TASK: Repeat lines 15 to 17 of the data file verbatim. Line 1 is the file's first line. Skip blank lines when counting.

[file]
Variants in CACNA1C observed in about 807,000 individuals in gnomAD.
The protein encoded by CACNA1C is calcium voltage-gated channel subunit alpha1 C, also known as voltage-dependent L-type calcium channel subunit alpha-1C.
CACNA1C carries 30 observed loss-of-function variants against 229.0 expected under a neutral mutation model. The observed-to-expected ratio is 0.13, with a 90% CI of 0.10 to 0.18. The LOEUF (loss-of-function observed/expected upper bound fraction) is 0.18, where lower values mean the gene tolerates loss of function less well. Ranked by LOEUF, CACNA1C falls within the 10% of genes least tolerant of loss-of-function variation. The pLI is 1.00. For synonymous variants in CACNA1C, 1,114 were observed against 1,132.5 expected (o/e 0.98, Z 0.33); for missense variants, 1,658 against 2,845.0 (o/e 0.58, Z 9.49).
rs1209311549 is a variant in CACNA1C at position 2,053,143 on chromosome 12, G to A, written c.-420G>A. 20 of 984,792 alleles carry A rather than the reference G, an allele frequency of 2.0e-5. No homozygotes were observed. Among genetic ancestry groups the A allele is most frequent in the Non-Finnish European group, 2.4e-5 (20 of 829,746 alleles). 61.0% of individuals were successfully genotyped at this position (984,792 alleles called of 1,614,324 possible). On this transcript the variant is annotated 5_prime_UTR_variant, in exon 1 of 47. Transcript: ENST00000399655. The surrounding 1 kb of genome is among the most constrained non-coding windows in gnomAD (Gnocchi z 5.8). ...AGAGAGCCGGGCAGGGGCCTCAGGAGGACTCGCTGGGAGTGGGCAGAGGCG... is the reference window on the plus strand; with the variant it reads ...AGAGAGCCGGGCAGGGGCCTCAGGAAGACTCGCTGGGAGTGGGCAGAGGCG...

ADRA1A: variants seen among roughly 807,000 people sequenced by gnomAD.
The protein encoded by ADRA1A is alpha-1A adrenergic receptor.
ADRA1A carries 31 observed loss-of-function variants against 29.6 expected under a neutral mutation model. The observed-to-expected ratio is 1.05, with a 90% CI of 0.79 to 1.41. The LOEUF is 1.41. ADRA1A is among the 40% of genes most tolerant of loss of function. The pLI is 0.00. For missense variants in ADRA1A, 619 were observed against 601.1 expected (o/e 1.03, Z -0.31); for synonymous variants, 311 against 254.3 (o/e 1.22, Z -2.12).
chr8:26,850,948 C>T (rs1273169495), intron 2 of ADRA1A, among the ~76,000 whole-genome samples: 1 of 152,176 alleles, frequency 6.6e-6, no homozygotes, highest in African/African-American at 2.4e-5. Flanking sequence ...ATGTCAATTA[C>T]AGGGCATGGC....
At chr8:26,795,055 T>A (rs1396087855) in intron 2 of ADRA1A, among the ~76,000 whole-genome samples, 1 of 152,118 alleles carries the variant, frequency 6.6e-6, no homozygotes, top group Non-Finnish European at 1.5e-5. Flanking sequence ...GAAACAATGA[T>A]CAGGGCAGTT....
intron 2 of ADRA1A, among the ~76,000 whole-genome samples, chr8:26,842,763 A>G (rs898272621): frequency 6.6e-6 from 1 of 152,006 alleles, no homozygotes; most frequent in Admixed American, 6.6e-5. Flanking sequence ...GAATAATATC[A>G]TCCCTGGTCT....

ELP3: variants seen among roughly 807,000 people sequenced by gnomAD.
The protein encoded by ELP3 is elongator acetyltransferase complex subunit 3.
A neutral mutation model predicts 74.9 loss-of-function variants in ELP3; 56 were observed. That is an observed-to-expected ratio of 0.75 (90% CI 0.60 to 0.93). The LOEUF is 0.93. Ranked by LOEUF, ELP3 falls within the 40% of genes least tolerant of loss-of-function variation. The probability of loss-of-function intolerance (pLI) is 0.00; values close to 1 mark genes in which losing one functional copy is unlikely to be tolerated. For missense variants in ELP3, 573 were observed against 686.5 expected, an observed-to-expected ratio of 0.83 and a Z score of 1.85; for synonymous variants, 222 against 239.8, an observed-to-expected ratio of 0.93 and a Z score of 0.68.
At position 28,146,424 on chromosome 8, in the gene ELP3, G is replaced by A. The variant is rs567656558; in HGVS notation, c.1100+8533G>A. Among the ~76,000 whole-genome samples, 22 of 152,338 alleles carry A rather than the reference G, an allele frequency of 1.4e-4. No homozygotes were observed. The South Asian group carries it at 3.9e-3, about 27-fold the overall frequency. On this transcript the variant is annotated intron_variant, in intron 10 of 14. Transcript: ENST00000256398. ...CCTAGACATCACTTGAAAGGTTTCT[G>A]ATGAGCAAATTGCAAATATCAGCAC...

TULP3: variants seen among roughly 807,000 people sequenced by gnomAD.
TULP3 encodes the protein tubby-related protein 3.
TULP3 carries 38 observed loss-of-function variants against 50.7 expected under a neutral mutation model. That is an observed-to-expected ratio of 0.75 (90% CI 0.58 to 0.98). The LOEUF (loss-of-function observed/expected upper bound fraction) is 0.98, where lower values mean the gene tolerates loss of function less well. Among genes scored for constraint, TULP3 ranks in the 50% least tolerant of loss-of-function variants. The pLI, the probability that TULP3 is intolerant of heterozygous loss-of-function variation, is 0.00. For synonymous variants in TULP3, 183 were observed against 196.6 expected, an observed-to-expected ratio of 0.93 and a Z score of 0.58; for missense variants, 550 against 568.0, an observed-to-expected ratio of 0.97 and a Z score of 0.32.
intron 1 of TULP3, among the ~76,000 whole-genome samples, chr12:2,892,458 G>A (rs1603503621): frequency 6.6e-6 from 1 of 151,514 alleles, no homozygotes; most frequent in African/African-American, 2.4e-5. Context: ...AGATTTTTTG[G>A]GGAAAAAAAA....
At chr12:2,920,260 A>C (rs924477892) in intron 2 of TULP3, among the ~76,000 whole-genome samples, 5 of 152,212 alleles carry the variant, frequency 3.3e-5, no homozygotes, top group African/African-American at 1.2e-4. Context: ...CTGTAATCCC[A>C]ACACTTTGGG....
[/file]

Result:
TULP3: variants seen among roughly 807,000 people sequenced by gnomAD.
TULP3 encodes the protein tubby-related protein 3.
TULP3 carries 38 observed loss-of-function variants against 50.7 expected under a neutral mutation model. That is an observed-to-expected ratio of 0.75 (90% CI 0.58 to 0.98). The LOEUF (loss-of-function observed/expected upper bound fraction) is 0.98, where lower values mean the gene tolerates loss of function less well. Among genes scored for constraint, TULP3 ranks in the 50% least tolerant of loss-of-function variants. The pLI, the probability that TULP3 is intolerant of heterozygous loss-of-function variation, is 0.00. For synonymous variants in TULP3, 183 were observed against 196.6 expected, an observed-to-expected ratio of 0.93 and a Z score of 0.58; for missense variants, 550 against 568.0, an observed-to-expected ratio of 0.97 and a Z score of 0.32.